Rocky Nook — a digital photography book publisher in California — sent me a review copy of Digital Astrophotography: A Guide to Capturing the Cosmos for review, which I read over the last few months.
- A good overview of the techniques used in astrophotography.
- Well illustrated.
- Largely easy to follow for the casual reader.
- Covers the entire process, from equipment to post-processing. I’m very well oriented with “typical” production and post-production photography methods, but was unaware of the additional complexities and tools involved with astrophotography.
- Casual SLR/DSLR and point-and-shoot users will not be able to suddenly get stunning frames of the night sky. It turns out that the equipment required to get decent shots requires a level of financial commitment to the niche you aren’t likely to make unless you have a professional need or really, really, REALLY like looking at celestial bodies. You’ll probably need a special mount for your camera, or build a jig yourself. I did not want to invest a significant amount of money, so I have been unable to try many of the techniques described.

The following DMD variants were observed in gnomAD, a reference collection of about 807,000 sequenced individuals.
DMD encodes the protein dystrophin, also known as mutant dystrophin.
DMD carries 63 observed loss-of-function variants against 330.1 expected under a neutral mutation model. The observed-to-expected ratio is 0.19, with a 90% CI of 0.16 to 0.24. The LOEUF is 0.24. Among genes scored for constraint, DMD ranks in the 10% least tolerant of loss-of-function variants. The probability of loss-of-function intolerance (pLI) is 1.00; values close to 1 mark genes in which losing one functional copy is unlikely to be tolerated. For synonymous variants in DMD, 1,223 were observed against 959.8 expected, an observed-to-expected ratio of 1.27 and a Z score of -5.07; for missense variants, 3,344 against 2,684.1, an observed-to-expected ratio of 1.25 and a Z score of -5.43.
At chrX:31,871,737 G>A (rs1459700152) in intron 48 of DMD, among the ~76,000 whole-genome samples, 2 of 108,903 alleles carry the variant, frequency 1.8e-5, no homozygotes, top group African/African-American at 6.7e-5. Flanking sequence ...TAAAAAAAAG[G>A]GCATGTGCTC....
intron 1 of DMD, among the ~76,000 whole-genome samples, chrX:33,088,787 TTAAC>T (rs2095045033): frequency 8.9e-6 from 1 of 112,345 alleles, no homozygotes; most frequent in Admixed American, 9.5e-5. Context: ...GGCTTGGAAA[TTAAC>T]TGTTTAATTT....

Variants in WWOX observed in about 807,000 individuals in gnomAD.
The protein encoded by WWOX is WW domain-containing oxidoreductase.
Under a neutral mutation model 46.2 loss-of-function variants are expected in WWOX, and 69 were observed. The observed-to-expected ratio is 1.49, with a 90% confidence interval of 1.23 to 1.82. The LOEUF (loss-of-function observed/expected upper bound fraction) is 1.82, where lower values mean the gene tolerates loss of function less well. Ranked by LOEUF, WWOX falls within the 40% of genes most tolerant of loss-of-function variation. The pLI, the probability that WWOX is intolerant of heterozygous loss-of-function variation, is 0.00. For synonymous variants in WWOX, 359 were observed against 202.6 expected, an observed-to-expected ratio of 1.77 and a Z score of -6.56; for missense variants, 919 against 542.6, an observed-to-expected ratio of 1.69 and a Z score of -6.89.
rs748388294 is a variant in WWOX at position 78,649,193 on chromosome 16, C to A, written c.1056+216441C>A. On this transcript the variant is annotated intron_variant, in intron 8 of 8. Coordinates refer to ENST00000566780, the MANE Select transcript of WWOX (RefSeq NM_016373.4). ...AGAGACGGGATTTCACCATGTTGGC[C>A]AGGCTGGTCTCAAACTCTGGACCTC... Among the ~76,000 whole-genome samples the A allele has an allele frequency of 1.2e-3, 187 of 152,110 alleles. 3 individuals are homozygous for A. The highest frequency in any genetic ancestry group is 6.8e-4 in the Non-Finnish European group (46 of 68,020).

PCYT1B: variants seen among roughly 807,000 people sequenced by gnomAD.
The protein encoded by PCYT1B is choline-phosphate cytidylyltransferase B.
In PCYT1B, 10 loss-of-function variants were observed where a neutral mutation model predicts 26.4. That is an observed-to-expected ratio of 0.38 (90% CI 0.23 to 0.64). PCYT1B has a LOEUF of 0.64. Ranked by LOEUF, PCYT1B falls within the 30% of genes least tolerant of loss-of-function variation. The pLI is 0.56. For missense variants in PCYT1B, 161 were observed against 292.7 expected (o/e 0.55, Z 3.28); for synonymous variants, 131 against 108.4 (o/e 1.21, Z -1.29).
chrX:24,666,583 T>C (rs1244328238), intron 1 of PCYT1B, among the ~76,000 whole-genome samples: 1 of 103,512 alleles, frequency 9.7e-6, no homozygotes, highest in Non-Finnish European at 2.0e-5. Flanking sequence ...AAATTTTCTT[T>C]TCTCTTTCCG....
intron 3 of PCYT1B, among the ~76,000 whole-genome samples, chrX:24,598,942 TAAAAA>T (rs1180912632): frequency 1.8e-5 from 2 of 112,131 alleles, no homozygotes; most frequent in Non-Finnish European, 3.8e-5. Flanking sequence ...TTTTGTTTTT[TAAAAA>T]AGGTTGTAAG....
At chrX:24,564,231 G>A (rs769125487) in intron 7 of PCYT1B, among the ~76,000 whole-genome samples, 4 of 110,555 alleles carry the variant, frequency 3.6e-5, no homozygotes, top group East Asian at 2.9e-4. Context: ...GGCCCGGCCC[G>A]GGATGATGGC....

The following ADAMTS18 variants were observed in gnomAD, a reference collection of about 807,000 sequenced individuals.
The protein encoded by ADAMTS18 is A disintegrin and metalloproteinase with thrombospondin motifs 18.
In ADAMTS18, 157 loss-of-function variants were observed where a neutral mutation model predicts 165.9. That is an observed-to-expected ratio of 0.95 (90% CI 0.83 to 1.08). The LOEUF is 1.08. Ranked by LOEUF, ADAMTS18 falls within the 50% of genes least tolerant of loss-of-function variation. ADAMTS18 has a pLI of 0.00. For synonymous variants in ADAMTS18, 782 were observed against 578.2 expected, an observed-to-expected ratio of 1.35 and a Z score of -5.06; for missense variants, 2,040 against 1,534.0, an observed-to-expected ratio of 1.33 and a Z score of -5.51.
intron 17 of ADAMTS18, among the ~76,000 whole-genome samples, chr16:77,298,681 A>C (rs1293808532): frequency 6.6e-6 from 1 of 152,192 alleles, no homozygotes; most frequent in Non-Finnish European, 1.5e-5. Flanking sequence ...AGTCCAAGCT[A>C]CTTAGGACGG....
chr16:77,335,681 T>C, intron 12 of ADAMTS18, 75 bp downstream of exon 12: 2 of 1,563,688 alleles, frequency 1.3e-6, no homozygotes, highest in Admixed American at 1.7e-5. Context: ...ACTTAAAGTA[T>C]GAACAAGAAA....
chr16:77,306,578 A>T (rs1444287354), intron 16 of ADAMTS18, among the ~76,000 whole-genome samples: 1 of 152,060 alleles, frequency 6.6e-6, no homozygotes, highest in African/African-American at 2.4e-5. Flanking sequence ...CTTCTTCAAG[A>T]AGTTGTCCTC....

- If you’re bad at math, you may find some of the technical setup difficult to follow.
- The tools covered are Windows applications. Bah.
- You’re serious about becoming astrophotography and have the cash to pony up for specialty hardware, or…
- You are not planning on trying it for yourself but nevertheless have $20 of curiousity.